The British doctor Mike Irani has become the fourth leader of the International Weightlifting Federation (IWF) in less than nine months.
His tenure will be short as the IWF’s Member Federations have demanded an Emergency Congress which, the governing body’s Constitution states, must be held within 90 days once one fifth of members have called for it.
It is believed that the required number, 38, has already been passed.
In response to fierce criticism from within the sport and from the International Olympic Committee (IOC), Thailand’s Intarat Yodbangtoey stood down as Interim President after less than two days in office.
The IWF also agreed to extend its anti-doping agreement with the International Testing Agency.
When 2020 started Tamás Aján, who had held high office for 44 years and was elected President in 2000, was in command.
His position became untenable after a corruption scandal was exposed in a German television documentary in the first week of January and he resigned in April.
The American Ursula Papandrea took charge but her attempts to lead reform were blocked by her own Board and she was voted out of office on Tuesday (October 13).
The appointment of Thailand’s Intarat, whose nation is banned from Tokyo 2020 because of doping, as Papandrea’s replacement was criticised by the IOC and caused outrage in the weightlifting world.
Intarat, one of seven Board members whose nations are either banned or restricted to small teams at Tokyo 2020 because of doping, voluntarily stepped aside.
Irani has agreed to replace him after other candidates declined.
Only yesterday British Weight Lifting (BWL) called on the entire Board of the IWF - including Irani - to step down because of recent events.
Ashley Metcalfe, chief executive of BWL, said after Irani's appointment: "We still feel very strongly that the entire Board of the IWF should step down and there should be elections - hopefully Mike can lead that process."
Irani is a board member of BWL and Metcalfe added, "What Mike has given to the sport over the years as a volunteer is phenomenal."
In a year when weightlifting has been blighted by the corruption scandal, the IWF Board was widely condemned for removing Papandrea, who was supported by the IOC in her attempts to reform the governing body.
A petition calling for a vote of no confidence in the IWF Board and due to be presented to the IOC, attracted nearly 8,000 signatures in its first day of existence.
It was launched by Sarah Davies, the British lifter who chairs the IWF Athletes Commission.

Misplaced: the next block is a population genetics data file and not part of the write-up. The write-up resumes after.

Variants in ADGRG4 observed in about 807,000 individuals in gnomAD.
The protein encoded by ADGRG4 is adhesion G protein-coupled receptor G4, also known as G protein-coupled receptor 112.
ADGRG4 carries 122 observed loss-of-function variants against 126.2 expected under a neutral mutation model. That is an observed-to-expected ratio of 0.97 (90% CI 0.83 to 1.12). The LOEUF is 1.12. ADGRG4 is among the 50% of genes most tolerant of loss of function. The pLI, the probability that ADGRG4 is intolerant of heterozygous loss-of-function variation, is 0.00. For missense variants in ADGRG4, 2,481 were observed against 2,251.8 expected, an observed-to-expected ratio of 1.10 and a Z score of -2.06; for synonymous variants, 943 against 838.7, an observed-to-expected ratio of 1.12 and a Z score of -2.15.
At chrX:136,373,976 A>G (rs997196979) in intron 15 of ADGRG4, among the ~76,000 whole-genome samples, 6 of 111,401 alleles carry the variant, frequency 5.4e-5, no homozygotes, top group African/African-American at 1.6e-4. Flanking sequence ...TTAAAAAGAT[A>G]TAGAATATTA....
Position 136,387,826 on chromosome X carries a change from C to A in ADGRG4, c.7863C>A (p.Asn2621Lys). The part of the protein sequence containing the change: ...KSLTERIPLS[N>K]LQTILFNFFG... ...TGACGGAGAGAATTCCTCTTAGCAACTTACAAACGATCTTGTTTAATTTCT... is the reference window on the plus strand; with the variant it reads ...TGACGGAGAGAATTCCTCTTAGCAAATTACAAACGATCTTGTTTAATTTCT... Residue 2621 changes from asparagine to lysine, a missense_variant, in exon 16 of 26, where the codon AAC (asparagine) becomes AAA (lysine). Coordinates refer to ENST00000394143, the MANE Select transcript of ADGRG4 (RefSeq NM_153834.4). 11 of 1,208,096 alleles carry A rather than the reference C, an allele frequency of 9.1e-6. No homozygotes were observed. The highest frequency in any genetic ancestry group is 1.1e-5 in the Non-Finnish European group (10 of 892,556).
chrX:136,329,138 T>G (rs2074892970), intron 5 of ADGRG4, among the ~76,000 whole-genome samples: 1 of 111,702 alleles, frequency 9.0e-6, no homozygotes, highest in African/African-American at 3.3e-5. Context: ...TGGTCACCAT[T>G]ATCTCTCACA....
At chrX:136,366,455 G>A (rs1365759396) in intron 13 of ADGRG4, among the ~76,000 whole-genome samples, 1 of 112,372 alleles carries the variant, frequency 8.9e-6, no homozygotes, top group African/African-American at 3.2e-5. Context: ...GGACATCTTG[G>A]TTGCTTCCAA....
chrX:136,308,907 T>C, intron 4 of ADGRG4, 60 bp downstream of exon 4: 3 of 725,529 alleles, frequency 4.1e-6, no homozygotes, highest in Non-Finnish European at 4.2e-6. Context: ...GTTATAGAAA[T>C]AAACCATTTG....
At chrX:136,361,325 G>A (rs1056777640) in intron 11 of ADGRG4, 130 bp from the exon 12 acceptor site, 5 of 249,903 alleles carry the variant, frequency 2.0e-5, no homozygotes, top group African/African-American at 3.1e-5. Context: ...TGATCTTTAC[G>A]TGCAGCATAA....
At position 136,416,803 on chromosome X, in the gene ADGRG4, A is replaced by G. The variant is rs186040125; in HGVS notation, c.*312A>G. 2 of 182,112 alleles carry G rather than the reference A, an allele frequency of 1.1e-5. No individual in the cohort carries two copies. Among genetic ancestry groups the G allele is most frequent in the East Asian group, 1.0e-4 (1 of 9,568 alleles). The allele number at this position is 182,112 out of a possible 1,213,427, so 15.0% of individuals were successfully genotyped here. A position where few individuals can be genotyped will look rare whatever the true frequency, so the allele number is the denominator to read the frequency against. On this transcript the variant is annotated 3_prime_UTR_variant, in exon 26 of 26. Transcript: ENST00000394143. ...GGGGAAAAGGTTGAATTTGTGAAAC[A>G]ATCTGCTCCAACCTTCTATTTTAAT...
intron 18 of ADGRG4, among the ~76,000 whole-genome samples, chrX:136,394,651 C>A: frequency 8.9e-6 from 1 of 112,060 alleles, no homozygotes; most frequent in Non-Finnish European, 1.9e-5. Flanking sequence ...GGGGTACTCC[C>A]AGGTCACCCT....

USA Weightlifting has written to every member federation of the IWF asking them to call for an Emergency Congress and has had many positive responses.
One of Irani’s first duties is likely to be organising a Congress within 90 days.
Irani, 71, is a long-standing member of the IWF Board, a former chair of the Anti-Doping Commission, and current chair of the Medical Committee.
He is a respected rheumatology specialist who has helped many athletes over the years, at the British Olympic Association before he went into weightlifting.
Irani is passionate about cricket. He was never a weightlifter but has been a team doctor for decades, has attended dozens of international competitions, and has served on IWF committees for nearly 25 years.
Accepting the position, Irani said in an IWF statement: "I am grateful to the IWF Executive Board for entrusting me with the Presidency on an interim basis.
"Since I will not be a candidate for the IWF President position in the future, I will be able to focus fully on the reforms leading up to a clear and transparent IWF Congress."
"I am confident we can achieve an ambitious reform programme," added Irani.
"And as an encouraging sign, I am pleased to note the IWF Executive Board has decided to extend our agreement with the International Testing Agency for the whole of the next Olympic cycle, until 2024.
"This will enable us to continue the successful cooperation by which the ITA has managed the IWF’s robust anti-doping activity, in a way that is independent from us as the sport’s governing body."
The statement said Davies would be invited to participate in future Board meetings, but she will not have a vote.